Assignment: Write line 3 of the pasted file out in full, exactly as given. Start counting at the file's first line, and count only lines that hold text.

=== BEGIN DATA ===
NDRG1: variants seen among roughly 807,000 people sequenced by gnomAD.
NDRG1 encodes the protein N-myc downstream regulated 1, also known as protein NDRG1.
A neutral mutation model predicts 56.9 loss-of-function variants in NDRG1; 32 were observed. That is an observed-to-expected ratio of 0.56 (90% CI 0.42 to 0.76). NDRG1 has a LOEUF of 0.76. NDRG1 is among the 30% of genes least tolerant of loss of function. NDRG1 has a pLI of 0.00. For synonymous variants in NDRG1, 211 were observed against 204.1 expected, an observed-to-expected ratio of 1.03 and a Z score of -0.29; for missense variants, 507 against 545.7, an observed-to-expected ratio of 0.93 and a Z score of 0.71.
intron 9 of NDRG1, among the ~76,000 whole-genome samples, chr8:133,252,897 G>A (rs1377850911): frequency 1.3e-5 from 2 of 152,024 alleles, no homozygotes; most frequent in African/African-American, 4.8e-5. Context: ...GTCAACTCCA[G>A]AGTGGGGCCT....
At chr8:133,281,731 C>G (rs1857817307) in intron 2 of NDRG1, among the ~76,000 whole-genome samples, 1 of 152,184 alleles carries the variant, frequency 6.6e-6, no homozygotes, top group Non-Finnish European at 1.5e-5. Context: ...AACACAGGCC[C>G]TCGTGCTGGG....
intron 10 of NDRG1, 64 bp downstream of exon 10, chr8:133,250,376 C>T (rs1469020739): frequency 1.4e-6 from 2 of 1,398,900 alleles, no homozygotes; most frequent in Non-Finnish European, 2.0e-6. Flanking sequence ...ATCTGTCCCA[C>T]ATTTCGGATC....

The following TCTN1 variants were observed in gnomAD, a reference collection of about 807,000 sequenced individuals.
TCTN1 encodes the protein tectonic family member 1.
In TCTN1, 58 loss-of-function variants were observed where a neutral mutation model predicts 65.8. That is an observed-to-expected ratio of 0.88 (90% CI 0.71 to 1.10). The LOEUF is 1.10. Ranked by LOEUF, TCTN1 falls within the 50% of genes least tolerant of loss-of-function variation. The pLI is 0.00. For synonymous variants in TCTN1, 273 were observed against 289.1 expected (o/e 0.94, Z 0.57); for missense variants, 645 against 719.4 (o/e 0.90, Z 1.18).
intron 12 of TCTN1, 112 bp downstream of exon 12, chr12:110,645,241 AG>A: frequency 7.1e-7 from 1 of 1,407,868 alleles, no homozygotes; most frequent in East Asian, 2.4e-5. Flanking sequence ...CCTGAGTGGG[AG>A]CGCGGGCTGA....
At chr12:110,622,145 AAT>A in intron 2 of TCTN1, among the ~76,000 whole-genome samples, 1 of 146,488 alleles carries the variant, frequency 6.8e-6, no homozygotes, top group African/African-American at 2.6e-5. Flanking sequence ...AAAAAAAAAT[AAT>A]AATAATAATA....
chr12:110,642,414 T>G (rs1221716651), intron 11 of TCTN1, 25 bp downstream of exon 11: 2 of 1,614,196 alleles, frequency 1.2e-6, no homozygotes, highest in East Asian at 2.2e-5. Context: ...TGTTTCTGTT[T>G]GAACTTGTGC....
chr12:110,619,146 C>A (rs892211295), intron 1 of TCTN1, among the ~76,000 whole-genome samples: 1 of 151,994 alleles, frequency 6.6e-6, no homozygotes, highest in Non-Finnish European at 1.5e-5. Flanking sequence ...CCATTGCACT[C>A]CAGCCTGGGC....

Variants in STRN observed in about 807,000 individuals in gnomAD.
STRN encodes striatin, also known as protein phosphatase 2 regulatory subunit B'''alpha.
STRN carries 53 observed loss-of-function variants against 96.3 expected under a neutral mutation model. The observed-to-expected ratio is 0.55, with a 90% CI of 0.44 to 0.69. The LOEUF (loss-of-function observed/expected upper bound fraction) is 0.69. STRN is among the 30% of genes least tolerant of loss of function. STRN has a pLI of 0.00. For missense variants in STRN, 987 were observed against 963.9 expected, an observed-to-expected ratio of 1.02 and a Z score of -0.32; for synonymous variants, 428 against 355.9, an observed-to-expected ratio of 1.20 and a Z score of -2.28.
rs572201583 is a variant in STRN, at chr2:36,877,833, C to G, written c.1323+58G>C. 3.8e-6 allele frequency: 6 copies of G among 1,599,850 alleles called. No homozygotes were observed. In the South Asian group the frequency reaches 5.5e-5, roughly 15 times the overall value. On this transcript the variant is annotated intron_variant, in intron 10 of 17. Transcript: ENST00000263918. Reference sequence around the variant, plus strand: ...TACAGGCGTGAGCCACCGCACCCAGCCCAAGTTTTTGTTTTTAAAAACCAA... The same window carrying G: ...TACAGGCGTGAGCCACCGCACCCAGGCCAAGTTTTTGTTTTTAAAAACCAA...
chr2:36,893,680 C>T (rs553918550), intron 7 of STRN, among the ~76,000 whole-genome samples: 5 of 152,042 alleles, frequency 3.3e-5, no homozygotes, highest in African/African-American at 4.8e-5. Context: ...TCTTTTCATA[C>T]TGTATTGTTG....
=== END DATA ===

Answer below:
A neutral mutation model predicts 56.9 loss-of-function variants in NDRG1; 32 were observed. That is an observed-to-expected ratio of 0.56 (90% CI 0.42 to 0.76). NDRG1 has a LOEUF of 0.76. NDRG1 is among the 30% of genes least tolerant of loss of function. NDRG1 has a pLI of 0.00. For synonymous variants in NDRG1, 211 were observed against 204.1 expected, an observed-to-expected ratio of 1.03 and a Z score of -0.29; for missense variants, 507 against 545.7, an observed-to-expected ratio of 0.93 and a Z score of 0.71.